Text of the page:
Monday, May 23, 2011

Lifestyle Telling The Story - Week 1

Currently, I am a student in a online class, Lifestyle Telling the Story.  One of my favorite photographers, Brooke Snow, is the instructor.  I took Brooke Snow's Photo Basics class at her lovely home last summer.  I loved how she simplified the concepts and how everyone in class cheered each other on in our progress.

I expect nothing less with this class.  I am thrilled to be learning how to tell a story with the images I take.  Just from the class tutorials I watched this last week, I learned a few tips to consider in taking more creative shots.

Week 1 Assignment

Part One: Character/Details

With the concept of a shot list in mind, pick a “character” you would like to document.  Write down what details you could photograph to tell their story, and photograph those details.
*For example, I could pick my son as my character and photograph his favorite books, toys, and his little cowboy boots.  Be creative with your  composition.  You don’t have to actually have your character in these shots if you choose not to.  Please post 3 character “details”.

Part Two: Character/Conflict

I want you to capture your character with the element of conflict.  Think about using the idea of “environmental” photography to help tell who your character is.  In essence, you want to capture your character either doing something, working at something, or in the midst of a visible emotion. Post 1-2 Character/Conflict images.

 The character I chose to photograph is my three year old son.  He is 100% pure boy, right down to his determination in completing random stunts.  I discovered that I must act casual when photographing my son in order to get "the shots."  He follows instructions pretty well, which was nice.  When he randomly started jumping off of the front door stoop, I thought I could get a neat looking "jumping shot."  I think I finally figured it out by the last shot.  I cropped my last two images tighter to try and eliminate any distractions.  Do you think I was successful?  Please comment and let me know.

Part 1 - Character/Details
ISO: 400 | 1/800 sec. | f/5.6 | 18-55mm
  * Brooke's Notes:  Good job placing him in the sky, which makes it so there are no distractions in the background.  This looks like a silhouette shot.  If want to expose the photo more for him, you'll need to override your meter reading - your camera is seeing all of the bright light in the sky and you'll want to expose for that rather than for him.  But if you're going for a silhouette, than you definitely have the outline happening her, although I think it would probably be a stronger image if you were to just bring up the exposure a bit so the viewer can see the expression on his face better.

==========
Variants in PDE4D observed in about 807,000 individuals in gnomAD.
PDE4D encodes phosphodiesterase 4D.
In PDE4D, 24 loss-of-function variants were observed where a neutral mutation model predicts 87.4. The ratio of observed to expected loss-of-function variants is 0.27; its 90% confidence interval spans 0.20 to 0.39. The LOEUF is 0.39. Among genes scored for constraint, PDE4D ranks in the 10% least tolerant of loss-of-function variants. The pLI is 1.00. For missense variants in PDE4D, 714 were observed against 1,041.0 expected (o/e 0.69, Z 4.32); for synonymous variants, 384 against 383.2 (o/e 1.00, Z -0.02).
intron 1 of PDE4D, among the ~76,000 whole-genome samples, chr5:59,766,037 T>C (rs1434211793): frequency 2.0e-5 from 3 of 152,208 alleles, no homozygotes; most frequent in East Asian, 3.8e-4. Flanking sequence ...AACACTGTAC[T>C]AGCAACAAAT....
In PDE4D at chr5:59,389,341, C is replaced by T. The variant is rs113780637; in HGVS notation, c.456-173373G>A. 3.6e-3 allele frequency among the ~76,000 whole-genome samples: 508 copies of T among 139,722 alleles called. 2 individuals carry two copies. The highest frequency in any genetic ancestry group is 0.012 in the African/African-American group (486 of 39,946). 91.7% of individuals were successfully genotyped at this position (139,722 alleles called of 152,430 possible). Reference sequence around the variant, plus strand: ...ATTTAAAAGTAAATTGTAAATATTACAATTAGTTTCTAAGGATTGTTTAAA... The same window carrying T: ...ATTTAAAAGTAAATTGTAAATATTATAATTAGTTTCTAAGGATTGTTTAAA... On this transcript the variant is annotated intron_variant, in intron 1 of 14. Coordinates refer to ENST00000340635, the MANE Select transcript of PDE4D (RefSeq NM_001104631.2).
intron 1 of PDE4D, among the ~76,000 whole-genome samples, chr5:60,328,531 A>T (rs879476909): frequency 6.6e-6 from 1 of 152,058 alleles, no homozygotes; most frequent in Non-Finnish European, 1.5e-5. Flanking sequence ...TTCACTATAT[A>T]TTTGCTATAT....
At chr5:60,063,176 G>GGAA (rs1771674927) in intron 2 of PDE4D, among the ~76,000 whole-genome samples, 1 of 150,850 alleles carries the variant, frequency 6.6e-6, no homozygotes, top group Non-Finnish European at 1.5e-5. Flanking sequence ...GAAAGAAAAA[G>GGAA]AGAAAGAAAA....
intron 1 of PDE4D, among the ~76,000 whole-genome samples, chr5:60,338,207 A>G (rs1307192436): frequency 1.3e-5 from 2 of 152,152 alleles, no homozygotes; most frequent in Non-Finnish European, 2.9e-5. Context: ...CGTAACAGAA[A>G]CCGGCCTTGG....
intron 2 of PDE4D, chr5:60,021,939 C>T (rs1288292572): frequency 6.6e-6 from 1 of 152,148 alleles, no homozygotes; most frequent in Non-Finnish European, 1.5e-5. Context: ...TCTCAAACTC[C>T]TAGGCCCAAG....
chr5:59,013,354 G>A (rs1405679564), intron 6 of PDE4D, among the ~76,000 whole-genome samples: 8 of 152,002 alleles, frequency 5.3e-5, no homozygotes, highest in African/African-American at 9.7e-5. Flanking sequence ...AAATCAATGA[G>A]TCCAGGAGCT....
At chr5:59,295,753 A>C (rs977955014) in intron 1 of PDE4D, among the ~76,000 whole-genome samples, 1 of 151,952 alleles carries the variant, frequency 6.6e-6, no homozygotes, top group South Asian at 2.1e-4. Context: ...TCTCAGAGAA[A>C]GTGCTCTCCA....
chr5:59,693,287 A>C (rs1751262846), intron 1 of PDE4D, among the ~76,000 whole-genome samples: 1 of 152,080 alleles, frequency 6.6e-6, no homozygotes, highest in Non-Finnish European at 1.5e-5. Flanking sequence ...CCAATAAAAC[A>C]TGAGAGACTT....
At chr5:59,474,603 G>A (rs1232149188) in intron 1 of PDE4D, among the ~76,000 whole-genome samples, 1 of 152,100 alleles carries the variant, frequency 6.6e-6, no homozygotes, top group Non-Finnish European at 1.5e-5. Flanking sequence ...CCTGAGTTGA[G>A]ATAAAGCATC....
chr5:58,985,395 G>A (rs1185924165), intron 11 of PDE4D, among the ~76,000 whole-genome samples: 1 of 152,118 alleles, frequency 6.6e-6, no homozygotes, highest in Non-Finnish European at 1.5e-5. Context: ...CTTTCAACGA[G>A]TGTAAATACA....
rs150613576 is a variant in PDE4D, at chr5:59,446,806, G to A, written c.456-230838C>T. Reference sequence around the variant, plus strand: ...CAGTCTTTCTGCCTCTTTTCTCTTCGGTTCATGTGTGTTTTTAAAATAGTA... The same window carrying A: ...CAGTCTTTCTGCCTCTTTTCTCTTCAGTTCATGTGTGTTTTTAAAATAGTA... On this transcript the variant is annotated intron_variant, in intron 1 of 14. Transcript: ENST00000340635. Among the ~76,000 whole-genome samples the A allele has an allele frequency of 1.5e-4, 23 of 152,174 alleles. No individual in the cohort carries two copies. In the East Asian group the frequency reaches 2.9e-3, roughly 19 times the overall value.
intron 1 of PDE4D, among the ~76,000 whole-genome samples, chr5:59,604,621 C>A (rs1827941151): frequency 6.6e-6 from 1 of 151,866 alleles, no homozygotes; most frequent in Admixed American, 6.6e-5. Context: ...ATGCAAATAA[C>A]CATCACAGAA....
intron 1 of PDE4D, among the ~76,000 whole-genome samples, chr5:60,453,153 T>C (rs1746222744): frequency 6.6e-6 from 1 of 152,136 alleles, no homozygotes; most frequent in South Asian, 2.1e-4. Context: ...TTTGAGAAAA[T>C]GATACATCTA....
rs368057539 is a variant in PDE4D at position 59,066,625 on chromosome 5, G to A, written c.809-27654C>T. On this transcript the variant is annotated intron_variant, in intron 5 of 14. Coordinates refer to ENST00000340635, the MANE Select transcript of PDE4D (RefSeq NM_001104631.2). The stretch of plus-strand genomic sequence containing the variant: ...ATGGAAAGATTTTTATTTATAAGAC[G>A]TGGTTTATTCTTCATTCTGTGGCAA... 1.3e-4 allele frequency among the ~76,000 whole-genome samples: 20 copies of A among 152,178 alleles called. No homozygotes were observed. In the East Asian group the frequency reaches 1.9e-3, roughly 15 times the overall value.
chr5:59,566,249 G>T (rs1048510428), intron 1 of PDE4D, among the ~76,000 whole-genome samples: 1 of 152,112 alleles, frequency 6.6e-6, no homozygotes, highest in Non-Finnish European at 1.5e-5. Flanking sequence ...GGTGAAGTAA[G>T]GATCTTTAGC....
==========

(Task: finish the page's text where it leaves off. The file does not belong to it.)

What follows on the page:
ISO: 400 | 1/12500 sec. | f/5.6 | 18-55mm
  * Brooke's Review:  Try a different perspective/point of view - Incorporate leading lines from bench and brick wall by taking this shot standing in front of the wall and bench and have the subject turn and face the camera.  The use of leading lines helps to draw the viewer's attention more strongly to where it needs to be and overall creates a stronger composition.  Leading lines help to draw our attention to where it needs to be.

ISO: 400 | 1/640 sec. | f/5.6 | 18-55mm
* Brooke's Notes:  It's good to have a simple background, like yours, so the viewer can 
maintain his attention on the cute little feet.

Part 2: Character/Conflict
                                                                                                                           ISO: 400 | 1/640 sec. | f/5.6 | 18-55mm
* Brooke's Review:  Your leading lines pull us into the subject.  It works to have the doorway placed where it is in the frame so the viewer knows what he is jumping out of. 

ISO: 400 | 1/640 sec. | f/5.6 | 18-55mm
* Brooke's Notes:  I like this one even more, probably because the perspective is so much lower that it gives an increased drama to what is happening.  Shooting lower also displays more of the height of his jump.  Perspective is one of my favorite things and anytime we can choose a perspective that is different than the default of standing, we're automatically going to increase the power of our images.


Jamie Page said...

Love the first picture. It makes me laugh. You can tell he is all boy.

Jody Savage said...

these pictures make me excited for what it is to come with our boy we are having soon. i thought the balloon picture covering his face was hilarious, made me laugh!

Jenn said...

I love the silhouette image but I was eager to see his face a bit more. Of course then it wouldn't be a silhouette but I love the idea of the dramatic light. Did you take any where he was exposed to see his face? The background could still be blown but I just want to see his little face :-)

My overall favorite image is the jumping one with the balloon in it. I love how we can't see him in that picture but I love how we see the balloon and his feet off the ground. Sure looks like you guys had fun!

Tracy said...

Love the balloon covering the face photo, and the jumping shots where you can feel his excitement, but my favorite is the shoes on the wrong feet... Very fun and captures his personality!

Kate Ware said...

So cute! He just looks so determined to be himself even tho' mom's taking pictures! :) Love the blue and orange color contrast, as well as him jumping off the porch. Very nice. TFS!